When I came to SA, I was truly desperate. My lifelong acting out had destroyed my marriage, destroyed my career, and was putting my life at immediate risk. I had tried everything I could think of to control it, and had failed miserably. I had nothing else to try.
My wife had just left me, fulfilling her frequently repeated promise to do so over the preceding couple of years, and I realized that I had never really wanted her gone after all. I had left a well-paid job to form my own business but no business was happening because I was spending my time in sexual play. My tax return for that whole year read “zero” at the bottom line.
But worst of all was that I was pursuing extreme "sexual play" that was truly life-threatening; my last encounter involved me being bound helplessly while someone else played breath control games on me. (In a public US incident a few months ago, a high-profile prisoner asphyxiated himself in his cell during self-erotic play. That could have been me.) In other incidents, I found ways to immobilize myself sexually and be unable to get free for some hours. (Imagine a house fire during that time.) I was convinced, in that desperate time, that I would be dead within a few months in some sordid front-page incident. For me, SA recovery is not just a matter of “Oh, gee. I’ve been spending too much time on the Internet.”
For me, SA recovery is truly a matter of life-and-death.
But worse still, this is also a disease of forgetting. And I often forget that recovery for me is a matter of life-and-death. I start thinking that I can control this, that I am “recovered,” and thereby cease to maintain the attitude of humility that I learned in those first months. And hence, my three incidents over the years in which I decided to MB after years of counted sobriety.
But on the flip side, when I came to SA, they really did have a solution.
It required me to set aside my perceptions of what I “should” be doing, and to follow the directions of what they did. Luckily, that was pretty clear to me. I had already tried everything I could think of to do. I was fresh out of ideas. And these people told me that what they had done had worked for them. So in desperation, I jumped in whole hog:
- I attended as many meetings as I could. (Easy to do, with my wife gone and no business.) That meant 4-5 meetings per week. There were only two in my town, so I was driving as far as 1.5 hours each way.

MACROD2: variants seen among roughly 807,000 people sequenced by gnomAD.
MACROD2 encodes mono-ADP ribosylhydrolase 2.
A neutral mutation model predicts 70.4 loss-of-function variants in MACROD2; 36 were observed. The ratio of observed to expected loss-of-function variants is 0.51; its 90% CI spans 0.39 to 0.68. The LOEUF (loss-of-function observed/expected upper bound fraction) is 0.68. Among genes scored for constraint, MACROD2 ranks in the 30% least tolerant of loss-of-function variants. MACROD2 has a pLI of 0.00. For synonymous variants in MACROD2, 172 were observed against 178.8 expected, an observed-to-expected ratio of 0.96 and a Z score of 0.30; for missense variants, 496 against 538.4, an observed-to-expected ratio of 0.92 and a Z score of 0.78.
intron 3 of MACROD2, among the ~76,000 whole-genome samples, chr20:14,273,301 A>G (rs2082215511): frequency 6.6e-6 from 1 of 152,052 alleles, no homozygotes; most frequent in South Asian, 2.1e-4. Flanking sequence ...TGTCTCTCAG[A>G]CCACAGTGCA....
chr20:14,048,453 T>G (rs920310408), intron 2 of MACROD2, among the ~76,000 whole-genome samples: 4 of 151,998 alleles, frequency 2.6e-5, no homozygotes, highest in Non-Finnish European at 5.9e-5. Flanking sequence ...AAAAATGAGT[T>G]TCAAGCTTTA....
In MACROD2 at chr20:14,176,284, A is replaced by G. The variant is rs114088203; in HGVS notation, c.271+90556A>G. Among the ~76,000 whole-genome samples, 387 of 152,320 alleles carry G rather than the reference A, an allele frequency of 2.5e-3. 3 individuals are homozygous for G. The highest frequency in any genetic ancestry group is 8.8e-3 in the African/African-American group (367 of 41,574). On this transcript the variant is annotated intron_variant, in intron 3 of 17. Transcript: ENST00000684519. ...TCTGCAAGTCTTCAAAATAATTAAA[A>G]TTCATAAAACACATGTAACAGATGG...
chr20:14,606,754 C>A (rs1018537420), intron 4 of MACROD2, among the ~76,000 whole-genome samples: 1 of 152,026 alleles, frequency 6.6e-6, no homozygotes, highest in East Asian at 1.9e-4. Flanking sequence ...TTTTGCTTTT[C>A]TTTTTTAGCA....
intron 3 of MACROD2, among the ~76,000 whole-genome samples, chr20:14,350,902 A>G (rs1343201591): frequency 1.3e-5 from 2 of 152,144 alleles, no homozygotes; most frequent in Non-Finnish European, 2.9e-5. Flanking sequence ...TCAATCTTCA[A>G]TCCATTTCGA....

- I listened in meetings, and tried to follow their lead of what and how to share. For a while, I dumped my problems in the meetings. But then I realized that the older members didn’t do that. Instead, they’d present a problem they faced, then they’d talk about how the Steps and Traditions helped them to solve that problem without resorting to acting out. As I started using that practice, I came to realize that dumping my problems only made me feel better for a moment. Talking solution made them go away.
- I asked the first member I met to sponsor me, and he said “yes.” (But then, being the self-absorbed git that I was, I didn’t call him much.) I mostly did what he told me to do, even if it didn’t make much sense to me.
- I got a copy of the SA White Book and read it cover-to-cover in about a week and a half.
- I started working the Steps immediately. As I read the SAWB, I applied it to me and started using the Steps on a daily basis. Then I started actually writing. I took what I wrote to my sponsor and got his direction on how to do it better.
- I joined SA-Net so that I’d have daily shares from members who had some recovery. Not just to chat with other people who were like me, but to read the solutions those other members had – and to contribute to those solutions.
- I started doing service to the meetings as soon as I could. I was treasurer of our home meeting after 30 days of sobriety. I helped SA-Net find a new email service (twice!). I contributed to resolving some SA controversy. Service helped me to keep alive that sense of humility.
The result was simply amazing, and much more than I ever expected. I found 3.5 months of sobriety from the very first, before my first MB slip. I’ve had sobriety durations of 2 years, 4 years, and 6 years at different points. I’ve been completely free from lust for periods as long as four months. But, even more amazing is that, since the day I came to SA, I have never done any of the dangerous things that threatened my life. Even more, I have never even picked up a piece of pornography or opened a sexual website! For a man whose life was completely obsessed with sex 24 hours a day, this is nothing short of a miracle.
My wife and I returned together after seven months of separation. Since then, we have had the marriage we have always wanted. My career began again on a new basis - recovery attitudes pervade my work and I use the skills God has given me to help others. My business thrives today and, as we near retirement, we are better off than we ever were before.
The fact that I’m alive today is a miracle. I should have been dead back then. For me, SA is life over death. And one of my true joys today is to be able to share this with my friends in recovery.